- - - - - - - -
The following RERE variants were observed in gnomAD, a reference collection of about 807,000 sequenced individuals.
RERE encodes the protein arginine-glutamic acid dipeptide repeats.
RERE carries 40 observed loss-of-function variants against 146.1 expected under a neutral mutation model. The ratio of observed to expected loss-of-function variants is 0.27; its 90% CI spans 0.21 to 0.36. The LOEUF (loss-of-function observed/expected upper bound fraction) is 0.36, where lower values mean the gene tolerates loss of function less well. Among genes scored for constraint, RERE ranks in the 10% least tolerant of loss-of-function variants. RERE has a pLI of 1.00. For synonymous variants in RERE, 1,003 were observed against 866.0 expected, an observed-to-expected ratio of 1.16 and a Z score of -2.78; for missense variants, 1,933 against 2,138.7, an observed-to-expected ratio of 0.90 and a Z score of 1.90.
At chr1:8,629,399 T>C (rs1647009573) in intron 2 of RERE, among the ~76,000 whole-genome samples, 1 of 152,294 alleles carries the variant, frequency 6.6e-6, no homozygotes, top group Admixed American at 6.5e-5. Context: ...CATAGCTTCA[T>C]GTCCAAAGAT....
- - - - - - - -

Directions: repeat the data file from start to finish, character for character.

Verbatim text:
The following RERE variants were observed in gnomAD, a reference collection of about 807,000 sequenced individuals.
RERE encodes the protein arginine-glutamic acid dipeptide repeats.
RERE carries 40 observed loss-of-function variants against 146.1 expected under a neutral mutation model. The ratio of observed to expected loss-of-function variants is 0.27; its 90% CI spans 0.21 to 0.36. The LOEUF (loss-of-function observed/expected upper bound fraction) is 0.36, where lower values mean the gene tolerates loss of function less well. Among genes scored for constraint, RERE ranks in the 10% least tolerant of loss-of-function variants. RERE has a pLI of 1.00. For synonymous variants in RERE, 1,003 were observed against 866.0 expected, an observed-to-expected ratio of 1.16 and a Z score of -2.78; for missense variants, 1,933 against 2,138.7, an observed-to-expected ratio of 0.90 and a Z score of 1.90.
At chr1:8,629,399 T>C (rs1647009573) in intron 2 of RERE, among the ~76,000 whole-genome samples, 1 of 152,294 alleles carries the variant, frequency 6.6e-6, no homozygotes, top group Admixed American at 6.5e-5. Context: ...CATAGCTTCA[T>C]GTCCAAAGAT....